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East Greenville Looking to Control Traffic at 4th&5th Grade Center
Written by Bradley Schlegel, Staff Writer

          East Greenville Council is taking steps to control the chaos around the Upper Perkiomen 4th and 5th Grade Center, located at 510 Jefferson St. Last month, council informed school board members that it is prepared to eliminate all student drop-offs on Jefferson Street if morning traffic congestion does not dissipate.

            At Monday's public meeting, council members voted to spend $5,053 to purchase two new digital speed limit traffic signs with the intent of limiting the speed of traffic. Strategic implementation of the signs – similar to the blinking placards near the Upper Perkiomen Middle School on Montgomery Avenue – on Jefferson Avenue and 6th Street will not create a school zone or reduce the speed limit, according to Solicitor Michael E. Peters. Municipal officials will also implement advisory student crossing signs, according to Manager Jim Fry.

            Approval of the motion prevents the municipality from implementing a school zone at the building during the upcoming school year, according to Mayor Keith Gerhart. The district did not include its share of the cost to purchase two new school zone signs – which includes half of $41,000 – in its 2020-21 budget according to council President Angie Fegely.

"Purchasing the signs is good for the borough," member James Raftery said prior to the vote. "It does not mean a school zone could not be implemented in the future."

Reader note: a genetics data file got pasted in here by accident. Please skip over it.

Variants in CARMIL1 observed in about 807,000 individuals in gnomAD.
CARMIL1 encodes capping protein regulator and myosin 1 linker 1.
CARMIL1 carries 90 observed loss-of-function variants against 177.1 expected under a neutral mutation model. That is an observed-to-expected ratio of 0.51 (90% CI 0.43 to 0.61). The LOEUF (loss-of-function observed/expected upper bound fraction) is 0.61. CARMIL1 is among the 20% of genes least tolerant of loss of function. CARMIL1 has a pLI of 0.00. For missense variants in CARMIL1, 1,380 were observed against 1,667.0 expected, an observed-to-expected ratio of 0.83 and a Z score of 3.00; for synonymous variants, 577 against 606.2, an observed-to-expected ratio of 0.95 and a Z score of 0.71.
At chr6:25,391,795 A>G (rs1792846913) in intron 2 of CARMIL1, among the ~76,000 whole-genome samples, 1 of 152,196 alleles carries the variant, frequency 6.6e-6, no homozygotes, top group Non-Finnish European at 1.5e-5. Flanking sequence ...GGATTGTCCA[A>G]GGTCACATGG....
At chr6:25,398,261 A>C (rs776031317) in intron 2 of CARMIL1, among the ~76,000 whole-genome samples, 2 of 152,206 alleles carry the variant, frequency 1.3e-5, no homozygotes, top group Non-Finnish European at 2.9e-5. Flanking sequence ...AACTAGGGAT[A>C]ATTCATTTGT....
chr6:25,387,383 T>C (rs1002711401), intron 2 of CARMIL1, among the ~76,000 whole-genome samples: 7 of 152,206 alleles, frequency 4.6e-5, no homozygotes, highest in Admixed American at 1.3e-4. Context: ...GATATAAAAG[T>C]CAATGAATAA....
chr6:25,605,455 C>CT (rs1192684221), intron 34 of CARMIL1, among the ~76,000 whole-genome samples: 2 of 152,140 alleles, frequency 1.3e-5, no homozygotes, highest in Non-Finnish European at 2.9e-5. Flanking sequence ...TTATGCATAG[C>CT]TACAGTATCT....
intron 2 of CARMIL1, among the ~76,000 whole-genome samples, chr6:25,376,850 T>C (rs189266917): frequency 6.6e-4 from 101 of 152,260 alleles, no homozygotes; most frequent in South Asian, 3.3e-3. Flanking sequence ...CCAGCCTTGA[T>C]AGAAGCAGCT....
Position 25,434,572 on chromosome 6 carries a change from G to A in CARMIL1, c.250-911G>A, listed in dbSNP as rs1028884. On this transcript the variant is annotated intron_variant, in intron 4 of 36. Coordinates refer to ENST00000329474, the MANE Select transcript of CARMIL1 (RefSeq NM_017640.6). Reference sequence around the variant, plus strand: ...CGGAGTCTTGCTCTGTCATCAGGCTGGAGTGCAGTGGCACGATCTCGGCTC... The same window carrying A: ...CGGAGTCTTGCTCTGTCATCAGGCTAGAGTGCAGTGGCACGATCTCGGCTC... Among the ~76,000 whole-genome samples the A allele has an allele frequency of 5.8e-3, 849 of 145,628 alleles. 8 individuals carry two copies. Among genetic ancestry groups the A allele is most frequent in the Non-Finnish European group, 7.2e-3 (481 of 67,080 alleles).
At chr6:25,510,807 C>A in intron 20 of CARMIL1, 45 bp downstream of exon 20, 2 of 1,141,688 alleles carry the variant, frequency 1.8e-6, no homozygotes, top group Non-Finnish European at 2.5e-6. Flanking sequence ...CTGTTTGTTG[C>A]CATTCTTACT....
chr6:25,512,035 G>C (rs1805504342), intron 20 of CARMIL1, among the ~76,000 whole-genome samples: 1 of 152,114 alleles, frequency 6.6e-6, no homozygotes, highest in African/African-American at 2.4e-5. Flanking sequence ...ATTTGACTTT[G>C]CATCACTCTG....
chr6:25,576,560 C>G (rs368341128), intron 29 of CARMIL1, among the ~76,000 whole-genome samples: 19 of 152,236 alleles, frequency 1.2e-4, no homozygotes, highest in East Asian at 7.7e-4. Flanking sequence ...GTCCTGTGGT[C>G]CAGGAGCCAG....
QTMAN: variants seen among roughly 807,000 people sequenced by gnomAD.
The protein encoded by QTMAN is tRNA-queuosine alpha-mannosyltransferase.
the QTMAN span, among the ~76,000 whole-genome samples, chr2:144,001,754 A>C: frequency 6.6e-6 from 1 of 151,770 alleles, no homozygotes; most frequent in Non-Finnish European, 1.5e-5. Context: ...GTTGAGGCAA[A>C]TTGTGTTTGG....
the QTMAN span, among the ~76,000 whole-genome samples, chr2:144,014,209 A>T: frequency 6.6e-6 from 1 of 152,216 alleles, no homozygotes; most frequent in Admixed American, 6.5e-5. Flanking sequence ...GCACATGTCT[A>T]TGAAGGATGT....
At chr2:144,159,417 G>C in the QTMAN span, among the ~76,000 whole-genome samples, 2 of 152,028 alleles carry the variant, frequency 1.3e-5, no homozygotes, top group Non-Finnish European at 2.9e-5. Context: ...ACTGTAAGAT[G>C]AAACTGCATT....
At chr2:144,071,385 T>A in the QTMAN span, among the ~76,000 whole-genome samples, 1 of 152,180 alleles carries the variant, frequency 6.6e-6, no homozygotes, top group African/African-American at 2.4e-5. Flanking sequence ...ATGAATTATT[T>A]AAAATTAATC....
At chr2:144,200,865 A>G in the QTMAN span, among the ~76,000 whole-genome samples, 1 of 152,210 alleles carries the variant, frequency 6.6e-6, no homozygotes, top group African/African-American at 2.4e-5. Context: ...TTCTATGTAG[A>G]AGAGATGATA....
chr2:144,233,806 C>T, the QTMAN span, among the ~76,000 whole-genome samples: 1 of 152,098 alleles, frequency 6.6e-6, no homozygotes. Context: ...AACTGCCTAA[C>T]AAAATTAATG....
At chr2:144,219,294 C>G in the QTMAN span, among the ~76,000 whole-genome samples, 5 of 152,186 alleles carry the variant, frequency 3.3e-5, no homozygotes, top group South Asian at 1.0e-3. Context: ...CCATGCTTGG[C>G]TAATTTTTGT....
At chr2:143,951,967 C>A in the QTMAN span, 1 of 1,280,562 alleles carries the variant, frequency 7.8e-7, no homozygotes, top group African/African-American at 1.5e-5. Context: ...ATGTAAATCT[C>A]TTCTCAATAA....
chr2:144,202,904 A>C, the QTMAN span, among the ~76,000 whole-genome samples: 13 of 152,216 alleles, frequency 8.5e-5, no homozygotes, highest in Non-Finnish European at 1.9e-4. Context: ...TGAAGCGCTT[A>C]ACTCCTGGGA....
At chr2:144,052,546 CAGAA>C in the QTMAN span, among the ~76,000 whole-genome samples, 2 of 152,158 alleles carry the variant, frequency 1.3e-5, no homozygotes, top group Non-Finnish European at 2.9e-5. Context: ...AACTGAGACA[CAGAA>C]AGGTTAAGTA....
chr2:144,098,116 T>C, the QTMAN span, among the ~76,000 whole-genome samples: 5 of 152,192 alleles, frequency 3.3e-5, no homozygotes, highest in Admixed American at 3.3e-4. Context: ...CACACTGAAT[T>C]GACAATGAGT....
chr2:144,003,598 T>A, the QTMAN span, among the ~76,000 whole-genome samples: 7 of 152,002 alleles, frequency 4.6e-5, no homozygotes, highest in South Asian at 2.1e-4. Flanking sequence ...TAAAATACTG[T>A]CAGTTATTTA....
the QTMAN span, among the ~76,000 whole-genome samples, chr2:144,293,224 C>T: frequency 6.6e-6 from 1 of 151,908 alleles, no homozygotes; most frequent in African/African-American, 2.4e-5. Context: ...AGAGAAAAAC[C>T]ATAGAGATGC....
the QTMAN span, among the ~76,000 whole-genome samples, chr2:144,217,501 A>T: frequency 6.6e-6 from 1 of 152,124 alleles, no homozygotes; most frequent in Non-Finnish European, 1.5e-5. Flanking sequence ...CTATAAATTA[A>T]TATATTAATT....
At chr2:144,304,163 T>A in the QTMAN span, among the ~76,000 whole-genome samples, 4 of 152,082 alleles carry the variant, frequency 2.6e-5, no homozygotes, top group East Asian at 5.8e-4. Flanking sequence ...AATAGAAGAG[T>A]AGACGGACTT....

Lon Brinckman II cast the lone vote opposing the motion. In a text message delivered after the meeting, he expressed a preference for implementing a regulatory school zone. Brinckman also described the sign's related technology cloud fee – of $400 per sign per year – which kicks in during the second year as absurdly overpriced.

            The threat to ban all drop-offs on Jefferson Street could likely have a more significant impact. In June, the chair of the school board's Facilities Committee, Melanie Cunningham, announced that district officials will have 90 days to alleviate morning traffic issues in front of the school by opening the doors 20 minutes early.

            "We'll know if the situation is working within 90 days," Fegely said after the council meeting, held at Borough Hall.

            During the June 25 school board workshop meeting hosted on Zoom, Mike Elliot asked parents to comply with the rules as they drop off their children at the school.  "We need everyone on board with this," Elliot said.

            According to Cunningham, borough officials informed the school board they will ban all parent and bus drop-offs on Jefferson Street if the situation does not improve. Borough officials discussed the issue during a committee meeting in June, according to Elliot.  An approved ordinance could force the school to conduct all of its student drop-offs in the back of the school, according to Superintendent Allyn Roche.

            "It's not our recommendation," Roche said during the meeting. "It's what the (borough) told us they intend to do."

            Randy Morris, Chief of the Borough of East Greenville Police Department, will monitor the situation, according to Fry. Parents and school district officials will also have influence in the decision, but the municipality will have the final say, according to Member Joe Rock.

            "The borough holds all the cards," Gerhart said.

            According to Roche, conditions related to the COVID-19 pandemic may lead to a high percentage of parents to decide to drive their children to school. He said an extraordinary amount of cars could create additional challenges.





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